“By handling each sentimental item and deciding what to discard, you process your past. If you just stow these things away in a drawer or cardboard box, before you realize it, you past will become a weight that holds you back and keeps you from living in the here and now. To put your things in order means to put your past in order, too. It’s like resetting your life and settling your accounts so that you can take the next step forward.” (Marie Kondo)
One thing is for sure: I have to get rid of the pajamas. They were for him, which brings a different connotation to it. Marie constantly asks in her book, “Does it bring you joy?”
It did. But now….not so much. Regret. Uncertainty. Vagueness. And they’re a size too big for my frame. Definitely not joy.
The nightgown still fits me perfectly and it’s beautiful, I feel so sexy in it! I will keep it. While John is nothing but a memory now, all that remains is an alluring piece of fabric. I am keeping it because I feel joy, it makes me feel good, not because it’s connected to John. I have another piece that was given to me; the way it makes me feel trumps the giver.
The purging and organizing continues. Here’s to moving forward into the future the Lord has set out for me. I am ready. More than ready.
- PEOPLE WHO YELL AND SCREAM OVER STUPID THINGS THAT ULTIMATELY DO NOT MATTER. If you’re ranting and raving about something, have a good reason. Do not completely lose yourself to something as inconsequential as a fork was in the spoon holder. (I have actually witnessed this.)
- GREENBRIARS. These stupid vine weeds complete with thorns and rhizomes (think ginger root-like roots) have taken over my yard and every year it is a act of war to remove these things, manually, with a shovel. I am thankful they do not fight back.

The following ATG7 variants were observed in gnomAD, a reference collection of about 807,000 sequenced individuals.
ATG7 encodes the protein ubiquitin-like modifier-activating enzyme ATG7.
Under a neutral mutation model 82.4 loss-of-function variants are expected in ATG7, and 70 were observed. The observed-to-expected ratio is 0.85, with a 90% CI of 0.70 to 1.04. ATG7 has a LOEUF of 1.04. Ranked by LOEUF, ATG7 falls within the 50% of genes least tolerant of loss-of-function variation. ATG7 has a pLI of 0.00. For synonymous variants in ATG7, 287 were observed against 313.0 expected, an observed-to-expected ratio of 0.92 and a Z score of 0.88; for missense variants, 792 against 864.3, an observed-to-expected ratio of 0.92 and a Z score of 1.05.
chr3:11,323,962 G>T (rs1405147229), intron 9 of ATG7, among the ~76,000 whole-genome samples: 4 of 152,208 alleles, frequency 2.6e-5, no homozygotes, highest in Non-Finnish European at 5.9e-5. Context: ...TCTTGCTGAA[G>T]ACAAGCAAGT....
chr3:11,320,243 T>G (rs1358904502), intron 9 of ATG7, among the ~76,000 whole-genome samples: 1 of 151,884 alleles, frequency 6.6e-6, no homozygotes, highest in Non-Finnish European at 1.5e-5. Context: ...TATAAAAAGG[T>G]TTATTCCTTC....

- DRIVING SHORT DISTANCES. If it’s under a mile, I will walk. I do this all the time for errands and getting lunch at work. Co-workers from other departments are constantly asking me if I need a ride because they saw me walk to the store, which is 1/8 of a mile away (like 700 feet!).
The clock struck 12 and I was still frosting cookies this Christmas Eve. I made a huge amount of cookies for the Christmas banquet at one of the homeless shelters here in town. My only regret is that I ran out of the good made-from-scratch frosting and ended up using some old store bought frosting I had in the pantry. It didn’t taste nearly as good as what I made from scratch.
My husband was asleep upstairs, so I had myself a silent night, which is unusual for me when I’m in the kitchen. The first few verses of the song silent night were running through my head, left over from the service at church tonight. In reality, the gentle hum of the refrigerator and the purr of the fish tank pump were the melody in this silent symphony playing.
John Acuff once tweeted that we get to an age where we stop asking “What’s next?” and start asking “What is now?” I’m there. I’ve been there for awhile, despite still clinging onto the next thing.
I was hoping the next thing would be the exact opposite of silent. And yet, here I am, on Christmas Eve, with a house so silent, that it would sound the same if no one was home.
And so far, the silence continues. Perhaps for the rest of my born days. Perhaps this is just an interlude before the volume is turned way up. I can only guess; the Lord is taking care of that part. And while I have no idea what is in His will for me, I continue to trust, though blindly stumbling into the future.
And rather quickly, I might add.